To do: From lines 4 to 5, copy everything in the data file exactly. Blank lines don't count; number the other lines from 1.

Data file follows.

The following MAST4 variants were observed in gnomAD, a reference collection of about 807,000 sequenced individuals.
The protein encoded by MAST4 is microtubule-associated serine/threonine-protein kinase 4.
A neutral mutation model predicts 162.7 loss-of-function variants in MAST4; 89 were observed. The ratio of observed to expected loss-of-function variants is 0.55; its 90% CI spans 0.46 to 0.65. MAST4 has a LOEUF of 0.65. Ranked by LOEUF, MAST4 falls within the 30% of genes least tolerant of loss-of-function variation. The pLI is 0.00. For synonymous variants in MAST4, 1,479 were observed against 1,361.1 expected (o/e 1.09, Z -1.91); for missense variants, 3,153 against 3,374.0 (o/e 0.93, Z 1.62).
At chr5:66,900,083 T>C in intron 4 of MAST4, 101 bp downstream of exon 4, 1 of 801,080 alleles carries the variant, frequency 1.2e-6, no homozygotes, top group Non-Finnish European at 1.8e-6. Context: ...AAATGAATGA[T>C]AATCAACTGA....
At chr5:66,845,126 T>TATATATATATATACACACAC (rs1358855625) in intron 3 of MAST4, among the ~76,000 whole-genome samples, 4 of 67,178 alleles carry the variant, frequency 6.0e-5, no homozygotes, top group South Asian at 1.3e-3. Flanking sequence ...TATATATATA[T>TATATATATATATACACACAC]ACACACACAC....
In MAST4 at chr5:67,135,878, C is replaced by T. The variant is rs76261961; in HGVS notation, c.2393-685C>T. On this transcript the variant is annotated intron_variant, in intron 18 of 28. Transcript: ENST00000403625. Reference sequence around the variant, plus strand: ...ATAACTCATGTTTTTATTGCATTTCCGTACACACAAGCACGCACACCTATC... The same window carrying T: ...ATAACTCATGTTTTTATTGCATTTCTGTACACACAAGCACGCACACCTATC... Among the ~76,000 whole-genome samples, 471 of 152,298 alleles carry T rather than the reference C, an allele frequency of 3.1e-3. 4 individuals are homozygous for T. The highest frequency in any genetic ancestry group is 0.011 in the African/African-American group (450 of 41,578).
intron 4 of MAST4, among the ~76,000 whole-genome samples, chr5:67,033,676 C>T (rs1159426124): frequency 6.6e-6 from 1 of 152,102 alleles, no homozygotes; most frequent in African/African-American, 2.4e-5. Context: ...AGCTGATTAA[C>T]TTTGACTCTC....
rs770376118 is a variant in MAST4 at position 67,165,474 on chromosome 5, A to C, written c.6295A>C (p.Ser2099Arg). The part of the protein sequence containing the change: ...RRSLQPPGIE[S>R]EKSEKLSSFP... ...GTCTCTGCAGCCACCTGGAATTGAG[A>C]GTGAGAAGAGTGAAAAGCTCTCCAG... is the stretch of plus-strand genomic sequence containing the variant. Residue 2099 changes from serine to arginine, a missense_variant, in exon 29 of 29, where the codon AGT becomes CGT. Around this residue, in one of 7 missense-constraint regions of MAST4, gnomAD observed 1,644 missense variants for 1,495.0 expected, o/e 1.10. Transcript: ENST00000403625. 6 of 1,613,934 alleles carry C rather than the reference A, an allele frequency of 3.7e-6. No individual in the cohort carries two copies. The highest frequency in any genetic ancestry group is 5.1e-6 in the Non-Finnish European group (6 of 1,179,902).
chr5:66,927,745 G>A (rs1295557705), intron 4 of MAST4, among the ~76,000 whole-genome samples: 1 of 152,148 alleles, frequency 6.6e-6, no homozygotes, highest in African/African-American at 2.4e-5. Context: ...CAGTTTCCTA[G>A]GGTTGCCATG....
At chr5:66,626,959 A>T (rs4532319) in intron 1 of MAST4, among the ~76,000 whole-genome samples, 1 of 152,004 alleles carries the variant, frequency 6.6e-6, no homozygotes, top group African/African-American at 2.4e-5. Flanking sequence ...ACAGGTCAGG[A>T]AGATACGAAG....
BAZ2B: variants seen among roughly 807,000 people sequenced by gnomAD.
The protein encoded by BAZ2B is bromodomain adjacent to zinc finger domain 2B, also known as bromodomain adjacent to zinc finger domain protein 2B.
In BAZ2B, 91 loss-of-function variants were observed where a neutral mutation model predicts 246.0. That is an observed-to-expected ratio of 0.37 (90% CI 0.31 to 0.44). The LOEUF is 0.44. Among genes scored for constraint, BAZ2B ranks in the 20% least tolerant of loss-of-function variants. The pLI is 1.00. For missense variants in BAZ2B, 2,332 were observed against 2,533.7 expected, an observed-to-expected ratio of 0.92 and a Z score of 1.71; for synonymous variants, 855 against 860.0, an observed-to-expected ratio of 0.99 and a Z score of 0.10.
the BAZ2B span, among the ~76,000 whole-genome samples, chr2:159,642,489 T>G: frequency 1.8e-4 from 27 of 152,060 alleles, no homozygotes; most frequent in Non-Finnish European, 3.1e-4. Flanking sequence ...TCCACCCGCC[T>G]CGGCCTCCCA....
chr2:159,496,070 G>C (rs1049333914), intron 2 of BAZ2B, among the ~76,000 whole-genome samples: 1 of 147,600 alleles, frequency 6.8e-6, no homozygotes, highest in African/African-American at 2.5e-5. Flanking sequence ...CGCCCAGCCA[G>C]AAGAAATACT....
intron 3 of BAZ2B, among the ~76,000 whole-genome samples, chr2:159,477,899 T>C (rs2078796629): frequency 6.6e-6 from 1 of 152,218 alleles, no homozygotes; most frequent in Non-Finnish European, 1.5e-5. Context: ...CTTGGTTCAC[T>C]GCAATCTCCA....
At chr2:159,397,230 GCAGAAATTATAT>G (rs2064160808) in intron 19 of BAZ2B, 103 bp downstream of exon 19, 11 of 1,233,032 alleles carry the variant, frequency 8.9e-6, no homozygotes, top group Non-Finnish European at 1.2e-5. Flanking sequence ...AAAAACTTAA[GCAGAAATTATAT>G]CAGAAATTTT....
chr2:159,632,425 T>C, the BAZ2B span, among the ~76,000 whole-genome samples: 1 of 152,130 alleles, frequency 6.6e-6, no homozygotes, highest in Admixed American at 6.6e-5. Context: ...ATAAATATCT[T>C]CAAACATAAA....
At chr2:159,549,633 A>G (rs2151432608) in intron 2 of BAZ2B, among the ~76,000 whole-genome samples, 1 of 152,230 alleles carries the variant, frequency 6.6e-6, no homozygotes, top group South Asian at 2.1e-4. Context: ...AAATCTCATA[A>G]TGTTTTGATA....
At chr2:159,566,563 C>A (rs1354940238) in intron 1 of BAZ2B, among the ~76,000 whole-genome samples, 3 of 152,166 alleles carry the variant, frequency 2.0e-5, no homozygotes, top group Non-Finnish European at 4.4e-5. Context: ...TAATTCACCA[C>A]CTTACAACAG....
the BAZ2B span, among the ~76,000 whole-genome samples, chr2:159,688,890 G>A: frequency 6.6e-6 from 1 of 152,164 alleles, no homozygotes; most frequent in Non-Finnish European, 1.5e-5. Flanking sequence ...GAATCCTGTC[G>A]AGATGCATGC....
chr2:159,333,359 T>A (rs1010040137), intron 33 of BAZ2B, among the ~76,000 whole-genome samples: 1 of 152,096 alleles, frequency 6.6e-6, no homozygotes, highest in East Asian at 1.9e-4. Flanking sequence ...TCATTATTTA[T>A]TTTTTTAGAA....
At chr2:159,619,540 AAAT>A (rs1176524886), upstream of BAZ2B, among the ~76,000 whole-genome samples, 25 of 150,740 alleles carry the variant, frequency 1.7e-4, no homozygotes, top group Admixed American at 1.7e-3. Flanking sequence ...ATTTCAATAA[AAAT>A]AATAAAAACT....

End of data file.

At chr5:66,900,083 T>C in intron 4 of MAST4, 101 bp downstream of exon 4, 1 of 801,080 alleles carries the variant, frequency 1.2e-6, no homozygotes, top group Non-Finnish European at 1.8e-6. Context: ...AAATGAATGA[T>C]AATCAACTGA....
At chr5:66,845,126 T>TATATATATATATACACACAC (rs1358855625) in intron 3 of MAST4, among the ~76,000 whole-genome samples, 4 of 67,178 alleles carry the variant, frequency 6.0e-5, no homozygotes, top group South Asian at 1.3e-3. Flanking sequence ...TATATATATA[T>TATATATATATATACACACAC]ACACACACAC....